I received a demand the other day.

Cough up €500 or else we will make your life more miserable than you ever thought possible.

It was from Social Welfare.

Now I had better explain the background to this, and it is really very very simple.

When you do any paid work here you pay what the euphemistically call a "stamp".  When you retire, you get paid the "Contributory Pension" at an amount determined by the number of stamps you have.  Do a full lifetime's work and you get a full pension.  Simple?

Well, no.  Most of my working life was spent in RTE and as that is a "semi-state" organisation, I paid for a different stamp that essentially entitled me to nothing.  It certainly counted for squat when it comes to reckoning pension rates.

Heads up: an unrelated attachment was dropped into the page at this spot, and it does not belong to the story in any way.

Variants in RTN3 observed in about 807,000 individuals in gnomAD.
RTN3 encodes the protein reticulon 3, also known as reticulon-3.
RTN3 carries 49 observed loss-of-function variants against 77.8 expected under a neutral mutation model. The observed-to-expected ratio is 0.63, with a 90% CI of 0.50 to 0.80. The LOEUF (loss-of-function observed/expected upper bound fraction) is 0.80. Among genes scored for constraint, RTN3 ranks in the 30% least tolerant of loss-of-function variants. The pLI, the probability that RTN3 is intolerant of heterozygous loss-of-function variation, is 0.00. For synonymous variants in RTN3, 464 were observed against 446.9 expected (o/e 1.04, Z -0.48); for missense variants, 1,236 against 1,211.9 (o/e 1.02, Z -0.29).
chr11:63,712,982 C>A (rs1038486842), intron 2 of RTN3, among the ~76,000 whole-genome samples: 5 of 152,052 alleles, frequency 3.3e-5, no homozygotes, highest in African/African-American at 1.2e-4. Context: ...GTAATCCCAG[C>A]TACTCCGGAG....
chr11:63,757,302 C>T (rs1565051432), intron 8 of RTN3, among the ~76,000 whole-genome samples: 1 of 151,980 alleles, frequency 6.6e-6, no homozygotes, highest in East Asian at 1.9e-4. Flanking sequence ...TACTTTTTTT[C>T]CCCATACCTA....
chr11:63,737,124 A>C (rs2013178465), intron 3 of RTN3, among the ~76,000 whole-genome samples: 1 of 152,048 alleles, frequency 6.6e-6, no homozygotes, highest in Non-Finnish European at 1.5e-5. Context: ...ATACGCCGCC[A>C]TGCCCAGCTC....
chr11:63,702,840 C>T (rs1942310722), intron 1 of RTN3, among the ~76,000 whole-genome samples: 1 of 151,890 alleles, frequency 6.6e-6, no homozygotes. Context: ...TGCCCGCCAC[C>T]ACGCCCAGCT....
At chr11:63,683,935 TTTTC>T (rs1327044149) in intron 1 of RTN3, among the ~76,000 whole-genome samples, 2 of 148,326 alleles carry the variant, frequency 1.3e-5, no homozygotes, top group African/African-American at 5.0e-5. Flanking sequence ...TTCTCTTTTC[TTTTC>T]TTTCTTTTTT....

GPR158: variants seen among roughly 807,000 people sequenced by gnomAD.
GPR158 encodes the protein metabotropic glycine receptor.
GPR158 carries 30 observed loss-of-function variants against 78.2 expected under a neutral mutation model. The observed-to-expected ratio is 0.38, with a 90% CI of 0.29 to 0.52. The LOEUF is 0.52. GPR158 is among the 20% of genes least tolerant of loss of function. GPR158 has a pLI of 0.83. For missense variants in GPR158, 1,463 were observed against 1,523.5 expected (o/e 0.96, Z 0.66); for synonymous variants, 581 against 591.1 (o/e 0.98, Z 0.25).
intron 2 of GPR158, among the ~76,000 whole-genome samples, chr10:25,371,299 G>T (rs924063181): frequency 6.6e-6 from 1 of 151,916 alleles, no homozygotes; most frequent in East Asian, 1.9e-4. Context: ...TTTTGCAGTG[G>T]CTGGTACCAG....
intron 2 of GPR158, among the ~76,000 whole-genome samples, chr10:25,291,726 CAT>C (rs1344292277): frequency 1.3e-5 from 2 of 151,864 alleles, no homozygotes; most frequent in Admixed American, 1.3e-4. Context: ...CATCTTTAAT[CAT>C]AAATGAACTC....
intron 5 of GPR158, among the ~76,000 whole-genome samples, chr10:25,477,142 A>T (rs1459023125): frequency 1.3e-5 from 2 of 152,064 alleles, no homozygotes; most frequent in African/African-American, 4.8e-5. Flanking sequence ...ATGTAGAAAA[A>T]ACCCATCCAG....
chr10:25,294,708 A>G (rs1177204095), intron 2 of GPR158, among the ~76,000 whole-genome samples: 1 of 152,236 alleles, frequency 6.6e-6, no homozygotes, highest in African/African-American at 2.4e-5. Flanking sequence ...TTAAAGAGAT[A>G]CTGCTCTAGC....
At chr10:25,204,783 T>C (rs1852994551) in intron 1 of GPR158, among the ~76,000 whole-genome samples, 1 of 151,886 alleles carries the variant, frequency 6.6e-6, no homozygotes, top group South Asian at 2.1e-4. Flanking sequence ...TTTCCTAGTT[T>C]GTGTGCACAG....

However, before I worked in RTE I had worked for a couple of years in industry, so I had a few stamps lingering in my account from the Seventies.  There still wasn't enough to entitle me to a pension though.

When I left RTE I started my own little business, and being self employed I started paying stamps again.  But then I decided to shut my business because it was too much hassle even though it was doing very well.  So what about my stamps?  I barely had enough to qualify for a minimum pension.

So they have what they call a "Voluntary Contribution" which basically means that I send off a cheque every year, and each cheque buys me a ful year's stamps.  So each year I have been bunging off these cheques and I finally crossed the hurdle where I was not only entited to a pension, but was climbing towards a decent level. 

The letter I received was for last years stamp, as they always demand retrospectively.

I boiled up the kettle yesterday, made myself a pile of sandwiches and filled a bottle of tranquilisers.  As soon as I had all the essentials for a long and tedious call to one of our illustrious gubmint departments, I phoned them.  I got through straight away!